Location: Plant Science ResearchTitle: Characteristics of Stratified Bedded Pack Dairy Manure) Author
Submitted to: ASA-CSSA-SSSA Annual Meeting Abstracts
Publication Type: Abstract Only
Publication Acceptance Date: 6/3/2009
Publication Date: 8/4/2009
Citation: Russelle, M.P., Blanchet, K.M., Randall, G.W., Everett, L.A. 2009. Characteristics of Stratified Bedded Pack Dairy Manure [abstract]. ASA-CSSA-SSSA Annual Meeting. November 1-5, 2009, Pittsburgh, Pennsylvania. Abstract No. 119-5. Available: a-c-s.confex.com/crops/2009am/webprogram/Paper54077.html. Interpretive Summary:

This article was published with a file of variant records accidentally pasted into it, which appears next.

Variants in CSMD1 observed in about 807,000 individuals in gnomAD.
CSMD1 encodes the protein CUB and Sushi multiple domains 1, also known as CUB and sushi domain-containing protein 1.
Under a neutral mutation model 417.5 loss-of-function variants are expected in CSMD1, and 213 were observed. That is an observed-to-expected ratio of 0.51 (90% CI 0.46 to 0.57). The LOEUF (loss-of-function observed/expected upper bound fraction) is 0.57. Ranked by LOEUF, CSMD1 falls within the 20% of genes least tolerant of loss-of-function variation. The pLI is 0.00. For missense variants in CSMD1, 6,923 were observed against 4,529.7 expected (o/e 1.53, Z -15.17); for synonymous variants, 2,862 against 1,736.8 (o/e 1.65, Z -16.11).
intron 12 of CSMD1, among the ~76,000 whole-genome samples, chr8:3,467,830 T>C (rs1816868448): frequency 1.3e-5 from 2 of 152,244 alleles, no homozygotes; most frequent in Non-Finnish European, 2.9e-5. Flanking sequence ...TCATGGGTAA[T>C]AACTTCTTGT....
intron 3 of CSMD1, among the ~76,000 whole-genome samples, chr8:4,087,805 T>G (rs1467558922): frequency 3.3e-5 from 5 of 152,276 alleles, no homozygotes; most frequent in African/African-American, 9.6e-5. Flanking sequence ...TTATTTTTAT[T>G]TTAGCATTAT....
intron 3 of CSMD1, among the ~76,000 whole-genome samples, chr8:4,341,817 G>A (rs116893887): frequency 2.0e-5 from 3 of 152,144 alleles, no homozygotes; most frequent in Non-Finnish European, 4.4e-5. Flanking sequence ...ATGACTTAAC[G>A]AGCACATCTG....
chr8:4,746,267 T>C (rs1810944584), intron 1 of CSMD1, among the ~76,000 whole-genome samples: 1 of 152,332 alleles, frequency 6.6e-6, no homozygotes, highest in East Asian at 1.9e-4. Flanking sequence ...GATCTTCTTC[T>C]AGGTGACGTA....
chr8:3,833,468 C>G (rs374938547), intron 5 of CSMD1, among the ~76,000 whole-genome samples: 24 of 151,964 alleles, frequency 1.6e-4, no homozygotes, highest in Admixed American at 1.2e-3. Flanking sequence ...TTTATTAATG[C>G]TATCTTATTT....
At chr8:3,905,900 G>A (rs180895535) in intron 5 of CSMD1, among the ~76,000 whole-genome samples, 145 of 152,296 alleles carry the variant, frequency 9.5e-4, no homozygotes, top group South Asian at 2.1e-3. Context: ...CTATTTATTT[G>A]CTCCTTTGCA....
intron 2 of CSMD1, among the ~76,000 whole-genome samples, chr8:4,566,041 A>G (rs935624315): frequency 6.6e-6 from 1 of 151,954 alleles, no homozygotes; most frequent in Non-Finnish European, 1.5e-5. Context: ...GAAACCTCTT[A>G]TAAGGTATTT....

Technical Abstract: "Compost" dairy barns are a relatively new housing system that generates a deep (0.9 to 1.5 m), stratified bedded pack (SBP) manure source. Bedding composed of sawdust, wood chips, or crop residues accumulates as additions are made to maintain a dry surface. Surface drying is promoted by a combination of forced air ventilation and twice daily stirring to incorporate manure into the pack. The result is a manure pack with two layers: 1) a loose surface about 20- to 30-cm thick that gradually increases in manure content, moisture, and density until new bedding is added; and 2) the compact layer, which increases in thickness as old surface layers are buried under new bedding. The compact layer is only partially composted, presumably due to oxygen limitations. This manure has neither been characterized in detail nor defined in terms of its nitrogen (N) supply. We measured physical characteristics, nutrient concentration, N mineralization, and N supply to corn (Zea mays L.) of SBP dairy manure from eight Minnesota farms. Concentrations of N, phosphorus, and potassium were generally higher than in typical solid dairy manure and were highly variable within and among barns. Average bulk density of SBP dairy manure was 934 kg/m3. All SBP dairy manures released a net addition of nitrate to soil during a 4-month-long incubation at 35 C, but the four with highest C:N ratios (19 to 21) immobilized N for 30 to 60 days. In-field fertilizer N equivalents to corn ranged from 0.7 to 6.0 kg N/Mg for quickly incorporated SBP dairy manure but only -0.1 to 2.6 kg N/Mg for fall-applied manure that was not incorporated until spring. Guidelines for solid dairy manure were not reliable for predicting N availability from SBP dairy manure.